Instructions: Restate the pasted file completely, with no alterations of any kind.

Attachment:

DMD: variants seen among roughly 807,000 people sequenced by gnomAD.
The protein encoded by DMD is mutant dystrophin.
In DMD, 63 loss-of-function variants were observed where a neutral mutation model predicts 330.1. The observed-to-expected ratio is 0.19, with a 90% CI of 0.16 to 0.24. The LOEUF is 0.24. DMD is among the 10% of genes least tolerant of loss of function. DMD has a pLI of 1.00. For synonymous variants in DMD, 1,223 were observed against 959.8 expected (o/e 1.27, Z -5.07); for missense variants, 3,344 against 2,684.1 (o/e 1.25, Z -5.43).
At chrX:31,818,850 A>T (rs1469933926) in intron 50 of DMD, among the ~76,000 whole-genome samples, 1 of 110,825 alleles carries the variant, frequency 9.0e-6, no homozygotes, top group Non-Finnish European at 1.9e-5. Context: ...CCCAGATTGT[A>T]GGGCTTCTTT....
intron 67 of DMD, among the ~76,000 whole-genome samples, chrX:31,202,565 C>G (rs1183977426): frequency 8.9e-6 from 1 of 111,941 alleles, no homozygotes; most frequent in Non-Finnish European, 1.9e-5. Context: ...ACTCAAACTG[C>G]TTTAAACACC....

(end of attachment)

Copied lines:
DMD: variants seen among roughly 807,000 people sequenced by gnomAD.
The protein encoded by DMD is mutant dystrophin.
In DMD, 63 loss-of-function variants were observed where a neutral mutation model predicts 330.1. The observed-to-expected ratio is 0.19, with a 90% CI of 0.16 to 0.24. The LOEUF is 0.24. DMD is among the 10% of genes least tolerant of loss of function. DMD has a pLI of 1.00. For synonymous variants in DMD, 1,223 were observed against 959.8 expected (o/e 1.27, Z -5.07); for missense variants, 3,344 against 2,684.1 (o/e 1.25, Z -5.43).
At chrX:31,818,850 A>T (rs1469933926) in intron 50 of DMD, among the ~76,000 whole-genome samples, 1 of 110,825 alleles carries the variant, frequency 9.0e-6, no homozygotes, top group Non-Finnish European at 1.9e-5. Context: ...CCCAGATTGT[A>T]GGGCTTCTTT....
intron 67 of DMD, among the ~76,000 whole-genome samples, chrX:31,202,565 C>G (rs1183977426): frequency 8.9e-6 from 1 of 111,941 alleles, no homozygotes; most frequent in Non-Finnish European, 1.9e-5. Context: ...ACTCAAACTG[C>G]TTTAAACACC....